A PERSONAL RELATIONSHIP WITH GOD

by Bob Wheeler

 

If you were a pastor, what would you desire for your congregation? Paul had spent two years at the city of Ephesus in Asia Minor. The believers there were dear to his heart. What did he want for them? He tells us in a prayer he has for them in Eph. 3:14-19. It is basically that they would have a meaningful relationship with God. But what does that entail?

The passage begins like this: “For this reason I bow my knees to the Father of our Lord Jesus Christ . . . that He would grant you, according to the riches of His glory, to be strengthened with might through His Spirit in the inner man” (v. 16; NKJV). Paul will go on to elaborate on this in Chapter 6. Suffice it to say here that we are engaged in a spiritual war, that ‘we do not wrestle against flesh and blood, but against powers, against the rulers of the darkness of this age, against spiritual hosts of wickedness in the heavenly places” (6:12), and therefore we are to “be strong in the Lord and in the power of His might” (6:10). This strength comes from “His Spirit in the inner man” (3:16). It is the Holy Spirit dwelling inside of us that gives us the strength to live the Christian life. Our own natural ability is not enough.

But then Paul goes on: “that Christ may dwell in your hearts through faith’ (v. 17). Christ, of course, is already in our hearts through faith if we are genuinely Christians. But here Paul seems to be talking about the full influence of Christ in our hearts. By “hearts” he means our whole inner being, not just our emotions. And as we walk by faith, as we trust and obey, we grow closer to Him and His influence is increasingly felt in our lives.

But Paul goes on. He says that we are to be “rooted and grounded in love” (v. 17). And then he goes on to elaborate further: that we “may be able to comprehend with all the saints what is the width and length and depth and height – to know the love of Christ which passes knowledge . . .” (vv. 18,19). In short, we as finite, mortal human beings are confronted with the infinite, eternal glory of God Himself, and we stagger at the prospect. He is beyond our comprehension.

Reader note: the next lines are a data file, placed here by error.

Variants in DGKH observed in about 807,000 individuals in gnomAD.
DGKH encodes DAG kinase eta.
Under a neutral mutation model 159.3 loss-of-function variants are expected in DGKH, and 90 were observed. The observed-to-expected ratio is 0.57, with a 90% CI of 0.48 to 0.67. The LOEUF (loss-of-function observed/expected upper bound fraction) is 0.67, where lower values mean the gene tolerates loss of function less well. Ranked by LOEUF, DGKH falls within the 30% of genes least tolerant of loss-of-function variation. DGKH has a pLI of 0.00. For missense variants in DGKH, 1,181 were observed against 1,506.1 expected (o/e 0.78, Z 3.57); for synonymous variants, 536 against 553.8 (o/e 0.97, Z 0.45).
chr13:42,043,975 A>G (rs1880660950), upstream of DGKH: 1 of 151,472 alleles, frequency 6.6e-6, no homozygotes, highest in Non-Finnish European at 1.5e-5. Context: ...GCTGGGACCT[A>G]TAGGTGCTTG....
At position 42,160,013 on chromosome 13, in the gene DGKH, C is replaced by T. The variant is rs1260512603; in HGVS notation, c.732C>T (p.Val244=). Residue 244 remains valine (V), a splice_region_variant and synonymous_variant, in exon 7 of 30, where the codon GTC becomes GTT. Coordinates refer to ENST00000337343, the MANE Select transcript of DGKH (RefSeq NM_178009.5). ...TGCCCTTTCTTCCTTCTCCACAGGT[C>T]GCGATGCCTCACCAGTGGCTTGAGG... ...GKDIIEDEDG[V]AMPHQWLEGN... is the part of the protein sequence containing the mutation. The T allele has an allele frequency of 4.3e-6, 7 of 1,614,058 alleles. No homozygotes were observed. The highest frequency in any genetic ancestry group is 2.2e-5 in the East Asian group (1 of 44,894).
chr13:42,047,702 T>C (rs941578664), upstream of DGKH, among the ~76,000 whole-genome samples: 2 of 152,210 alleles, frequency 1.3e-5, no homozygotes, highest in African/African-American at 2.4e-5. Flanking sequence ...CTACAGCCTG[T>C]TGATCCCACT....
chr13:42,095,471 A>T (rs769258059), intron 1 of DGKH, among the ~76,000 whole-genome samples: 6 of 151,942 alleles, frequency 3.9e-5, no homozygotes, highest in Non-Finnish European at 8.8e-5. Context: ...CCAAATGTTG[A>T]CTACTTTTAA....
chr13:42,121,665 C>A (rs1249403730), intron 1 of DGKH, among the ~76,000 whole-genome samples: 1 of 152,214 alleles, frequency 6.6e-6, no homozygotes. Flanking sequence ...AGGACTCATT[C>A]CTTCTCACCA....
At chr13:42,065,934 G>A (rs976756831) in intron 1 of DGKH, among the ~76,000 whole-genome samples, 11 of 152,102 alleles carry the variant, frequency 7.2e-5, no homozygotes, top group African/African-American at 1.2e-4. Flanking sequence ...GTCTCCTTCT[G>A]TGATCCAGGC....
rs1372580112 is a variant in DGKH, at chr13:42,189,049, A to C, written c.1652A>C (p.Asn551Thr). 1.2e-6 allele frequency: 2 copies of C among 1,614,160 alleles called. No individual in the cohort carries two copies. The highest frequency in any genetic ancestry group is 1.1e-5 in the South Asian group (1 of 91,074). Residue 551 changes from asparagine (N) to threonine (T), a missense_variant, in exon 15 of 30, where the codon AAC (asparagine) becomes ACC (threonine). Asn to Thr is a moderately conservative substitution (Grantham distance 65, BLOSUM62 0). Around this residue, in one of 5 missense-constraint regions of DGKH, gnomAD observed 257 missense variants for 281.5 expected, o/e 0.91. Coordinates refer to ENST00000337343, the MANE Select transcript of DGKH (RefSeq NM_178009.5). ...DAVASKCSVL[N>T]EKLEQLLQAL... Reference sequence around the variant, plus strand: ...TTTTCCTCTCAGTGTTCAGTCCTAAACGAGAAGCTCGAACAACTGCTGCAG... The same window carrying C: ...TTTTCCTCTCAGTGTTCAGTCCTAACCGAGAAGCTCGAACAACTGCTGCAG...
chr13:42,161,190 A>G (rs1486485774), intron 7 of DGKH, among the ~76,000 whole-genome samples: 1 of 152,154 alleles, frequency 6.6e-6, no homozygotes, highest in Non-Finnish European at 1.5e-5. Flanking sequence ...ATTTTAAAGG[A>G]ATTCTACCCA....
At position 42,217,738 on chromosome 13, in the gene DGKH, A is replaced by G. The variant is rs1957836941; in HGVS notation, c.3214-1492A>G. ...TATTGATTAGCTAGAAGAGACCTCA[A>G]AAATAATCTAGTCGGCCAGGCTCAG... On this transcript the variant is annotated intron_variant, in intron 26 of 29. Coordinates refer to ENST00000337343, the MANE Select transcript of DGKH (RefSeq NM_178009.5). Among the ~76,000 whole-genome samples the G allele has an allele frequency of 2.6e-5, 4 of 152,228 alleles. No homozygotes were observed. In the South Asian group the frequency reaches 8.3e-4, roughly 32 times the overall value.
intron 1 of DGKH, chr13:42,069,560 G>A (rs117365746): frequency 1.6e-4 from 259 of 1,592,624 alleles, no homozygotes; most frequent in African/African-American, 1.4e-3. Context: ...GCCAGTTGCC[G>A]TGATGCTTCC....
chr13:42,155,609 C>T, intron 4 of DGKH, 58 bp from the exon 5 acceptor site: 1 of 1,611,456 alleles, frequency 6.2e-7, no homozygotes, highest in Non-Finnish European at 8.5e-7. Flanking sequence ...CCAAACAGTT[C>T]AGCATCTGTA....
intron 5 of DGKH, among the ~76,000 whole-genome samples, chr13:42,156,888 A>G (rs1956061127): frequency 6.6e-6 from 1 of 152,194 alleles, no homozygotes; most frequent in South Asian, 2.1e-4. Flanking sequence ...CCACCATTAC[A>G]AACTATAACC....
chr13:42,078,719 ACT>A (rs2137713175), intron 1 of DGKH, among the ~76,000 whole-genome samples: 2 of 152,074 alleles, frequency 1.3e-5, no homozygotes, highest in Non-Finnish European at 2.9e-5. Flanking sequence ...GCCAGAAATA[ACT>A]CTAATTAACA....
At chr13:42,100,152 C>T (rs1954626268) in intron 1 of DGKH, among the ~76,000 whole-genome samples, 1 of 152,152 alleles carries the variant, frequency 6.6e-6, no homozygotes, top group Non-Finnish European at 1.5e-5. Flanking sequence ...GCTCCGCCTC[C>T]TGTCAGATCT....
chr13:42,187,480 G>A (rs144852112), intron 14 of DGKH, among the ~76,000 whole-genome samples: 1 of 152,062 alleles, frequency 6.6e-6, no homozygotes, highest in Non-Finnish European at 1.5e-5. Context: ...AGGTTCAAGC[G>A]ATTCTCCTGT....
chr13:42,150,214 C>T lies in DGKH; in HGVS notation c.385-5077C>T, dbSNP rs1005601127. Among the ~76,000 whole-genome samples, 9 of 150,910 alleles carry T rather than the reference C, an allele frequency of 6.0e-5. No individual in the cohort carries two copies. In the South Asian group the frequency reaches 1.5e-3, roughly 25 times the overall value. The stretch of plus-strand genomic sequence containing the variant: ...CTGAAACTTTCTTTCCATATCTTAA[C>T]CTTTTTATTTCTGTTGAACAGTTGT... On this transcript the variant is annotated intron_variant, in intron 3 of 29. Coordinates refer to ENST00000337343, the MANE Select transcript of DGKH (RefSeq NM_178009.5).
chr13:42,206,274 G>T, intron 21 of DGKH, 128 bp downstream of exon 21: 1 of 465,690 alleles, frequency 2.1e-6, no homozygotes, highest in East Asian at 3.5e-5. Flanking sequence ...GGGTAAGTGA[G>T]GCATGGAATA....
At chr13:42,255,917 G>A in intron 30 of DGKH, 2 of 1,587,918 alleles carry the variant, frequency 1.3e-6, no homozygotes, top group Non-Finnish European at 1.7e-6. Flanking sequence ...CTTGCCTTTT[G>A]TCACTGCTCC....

And if we could but faintly glimpse the love that Christ has for us guilty, undeserving sinners, a love that led Him to give up His very life for us, how differently would we treat others around us! How patient, how understanding, how merciful we would be! That is what it means to be “rooted and grounded in love.”

But then Paul goes on. He prays that “you may be filled with all the fullness of God” (v. 19). This is a bit like trying to fit the ocean in a teacup. How can “all the fullness of God” fit into us? And yet Paul says “that you may be filled with all the fullness of God” – that He would completely fill us, that He would fill us to overflowing, that He would fill us with all of His goodness, love, justice and mercy. At that point we truly become the image of God in man.

But how does it all work out in actual practice? The answer is the presence of the Holy Spirit in the heart of the believer. “Now hope does not disappoint, because the love of God has been poured out in our hearts by the Holy Spirit who was given to us” (Rom. 5:5). Part of the fruit of the Spirit, of course, is “love, joy, peace’ (Gal. 5:22). If we have the Holy Spirit, if we are walking according to the Spirit, these qualities will fill our hearts.

But more to the point, the Holy Spirit gives us an assurance of God’s love towards us individually. “For you did not receive the spirit of bondage again to fear, but you received the Spirit of adoption by whom we cry out, ‘Abba, Father.’ The Spirit Himself bears witness with our spirit that we are children of God” (Rom. 8:15,16). This is sometimes referred to as “the inner testimony of the Spirit,” and people experience it in various degrees. But according to the testimony of those who have experience it, it is truly “heaven on earth.”

It will be noted, once again, that this is a prayer: “For this reason I bow my knees to the Father of our Lord Jesus Christ . . . that He would grant you, according to the riches of His glory, to be strengthened . . .” (vv. 14,16). A close, personal relationship with God, the experience of His love, is a privilege that must be bestowed by Him. He must grant it; we must ask for it. It is not something that we work up ourselves.

At the heart of the Christian life is a relationship with God. Mere church attendance is not enough. Not even doctrinal orthodoxy or financial giving are enough. What God wants is our hearts. Nothing less will do.

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